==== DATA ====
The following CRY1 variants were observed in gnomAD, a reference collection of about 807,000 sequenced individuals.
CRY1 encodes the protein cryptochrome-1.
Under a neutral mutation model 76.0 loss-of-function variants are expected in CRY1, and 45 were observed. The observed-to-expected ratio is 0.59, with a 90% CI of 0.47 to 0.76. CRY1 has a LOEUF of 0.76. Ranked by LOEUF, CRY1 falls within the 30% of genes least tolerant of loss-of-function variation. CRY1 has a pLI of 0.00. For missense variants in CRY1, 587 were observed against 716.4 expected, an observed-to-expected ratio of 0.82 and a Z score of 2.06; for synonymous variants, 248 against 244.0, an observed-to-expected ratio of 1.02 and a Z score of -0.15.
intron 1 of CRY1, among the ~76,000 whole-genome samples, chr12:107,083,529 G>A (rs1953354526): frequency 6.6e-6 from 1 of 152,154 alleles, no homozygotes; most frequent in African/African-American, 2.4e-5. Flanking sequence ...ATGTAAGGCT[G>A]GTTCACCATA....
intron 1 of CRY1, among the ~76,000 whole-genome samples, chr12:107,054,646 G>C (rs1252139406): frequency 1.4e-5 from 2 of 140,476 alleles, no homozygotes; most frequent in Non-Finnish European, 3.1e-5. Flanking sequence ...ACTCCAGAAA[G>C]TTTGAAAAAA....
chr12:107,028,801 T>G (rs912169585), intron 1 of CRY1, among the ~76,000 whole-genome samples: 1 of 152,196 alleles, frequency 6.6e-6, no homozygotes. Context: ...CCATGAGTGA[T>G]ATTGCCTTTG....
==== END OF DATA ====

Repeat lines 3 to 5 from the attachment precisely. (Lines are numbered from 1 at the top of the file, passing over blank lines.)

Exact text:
Under a neutral mutation model 76.0 loss-of-function variants are expected in CRY1, and 45 were observed. The observed-to-expected ratio is 0.59, with a 90% CI of 0.47 to 0.76. CRY1 has a LOEUF of 0.76. Ranked by LOEUF, CRY1 falls within the 30% of genes least tolerant of loss-of-function variation. CRY1 has a pLI of 0.00. For missense variants in CRY1, 587 were observed against 716.4 expected, an observed-to-expected ratio of 0.82 and a Z score of 2.06; for synonymous variants, 248 against 244.0, an observed-to-expected ratio of 1.02 and a Z score of -0.15.
intron 1 of CRY1, among the ~76,000 whole-genome samples, chr12:107,083,529 G>A (rs1953354526): frequency 6.6e-6 from 1 of 152,154 alleles, no homozygotes; most frequent in African/African-American, 2.4e-5. Flanking sequence ...ATGTAAGGCT[G>A]GTTCACCATA....
intron 1 of CRY1, among the ~76,000 whole-genome samples, chr12:107,054,646 G>C (rs1252139406): frequency 1.4e-5 from 2 of 140,476 alleles, no homozygotes; most frequent in Non-Finnish European, 3.1e-5. Flanking sequence ...ACTCCAGAAA[G>C]TTTGAAAAAA....